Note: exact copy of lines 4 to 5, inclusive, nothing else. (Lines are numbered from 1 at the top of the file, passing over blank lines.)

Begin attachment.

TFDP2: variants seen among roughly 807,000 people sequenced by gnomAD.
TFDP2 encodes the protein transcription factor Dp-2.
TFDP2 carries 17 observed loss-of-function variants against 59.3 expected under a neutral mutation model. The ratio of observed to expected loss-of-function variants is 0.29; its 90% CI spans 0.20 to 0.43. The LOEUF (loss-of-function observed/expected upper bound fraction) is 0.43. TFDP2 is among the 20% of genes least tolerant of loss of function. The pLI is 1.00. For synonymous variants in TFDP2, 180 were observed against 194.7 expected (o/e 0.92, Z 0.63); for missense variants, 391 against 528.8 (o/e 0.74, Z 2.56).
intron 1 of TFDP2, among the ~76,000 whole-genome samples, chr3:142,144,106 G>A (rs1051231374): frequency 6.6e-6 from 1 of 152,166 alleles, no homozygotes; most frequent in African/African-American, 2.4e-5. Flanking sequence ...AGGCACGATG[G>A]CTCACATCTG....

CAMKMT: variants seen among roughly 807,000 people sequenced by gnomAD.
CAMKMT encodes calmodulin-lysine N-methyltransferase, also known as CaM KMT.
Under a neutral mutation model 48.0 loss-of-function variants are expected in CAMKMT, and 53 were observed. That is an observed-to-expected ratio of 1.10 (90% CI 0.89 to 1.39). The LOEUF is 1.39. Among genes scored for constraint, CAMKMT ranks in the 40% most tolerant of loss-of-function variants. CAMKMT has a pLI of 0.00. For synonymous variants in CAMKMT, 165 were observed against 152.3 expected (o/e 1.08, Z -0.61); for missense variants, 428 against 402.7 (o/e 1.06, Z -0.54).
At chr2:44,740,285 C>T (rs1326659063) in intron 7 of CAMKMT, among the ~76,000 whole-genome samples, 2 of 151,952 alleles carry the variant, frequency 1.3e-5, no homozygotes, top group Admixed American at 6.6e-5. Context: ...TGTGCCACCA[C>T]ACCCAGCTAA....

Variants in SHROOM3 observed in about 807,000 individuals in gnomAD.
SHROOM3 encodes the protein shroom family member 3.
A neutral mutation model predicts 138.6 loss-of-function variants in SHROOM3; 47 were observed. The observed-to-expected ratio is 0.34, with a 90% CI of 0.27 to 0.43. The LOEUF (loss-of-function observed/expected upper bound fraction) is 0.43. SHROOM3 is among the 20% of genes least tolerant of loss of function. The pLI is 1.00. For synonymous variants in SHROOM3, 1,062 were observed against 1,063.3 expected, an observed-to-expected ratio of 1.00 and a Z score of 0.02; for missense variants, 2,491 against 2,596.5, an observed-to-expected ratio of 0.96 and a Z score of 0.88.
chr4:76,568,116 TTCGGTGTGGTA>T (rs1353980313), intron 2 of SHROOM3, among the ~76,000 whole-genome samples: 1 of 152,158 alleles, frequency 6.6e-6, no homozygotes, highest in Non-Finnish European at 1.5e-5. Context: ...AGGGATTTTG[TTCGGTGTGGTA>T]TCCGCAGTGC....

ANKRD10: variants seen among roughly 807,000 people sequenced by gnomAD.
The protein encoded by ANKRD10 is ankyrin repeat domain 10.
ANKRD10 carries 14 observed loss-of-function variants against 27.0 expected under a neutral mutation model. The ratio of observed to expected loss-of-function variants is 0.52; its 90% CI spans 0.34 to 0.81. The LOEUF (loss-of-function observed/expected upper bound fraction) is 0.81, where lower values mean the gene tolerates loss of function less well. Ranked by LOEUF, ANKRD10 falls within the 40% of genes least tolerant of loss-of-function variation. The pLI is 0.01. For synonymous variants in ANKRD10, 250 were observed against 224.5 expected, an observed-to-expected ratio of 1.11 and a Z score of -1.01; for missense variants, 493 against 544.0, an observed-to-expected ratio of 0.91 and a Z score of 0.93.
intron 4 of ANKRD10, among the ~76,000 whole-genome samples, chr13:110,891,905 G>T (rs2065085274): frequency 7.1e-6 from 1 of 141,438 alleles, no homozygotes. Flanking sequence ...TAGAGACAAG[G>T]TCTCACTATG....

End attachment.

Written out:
intron 1 of TFDP2, among the ~76,000 whole-genome samples, chr3:142,144,106 G>A (rs1051231374): frequency 6.6e-6 from 1 of 152,166 alleles, no homozygotes; most frequent in African/African-American, 2.4e-5. Flanking sequence ...AGGCACGATG[G>A]CTCACATCTG....

CAMKMT: variants seen among roughly 807,000 people sequenced by gnomAD.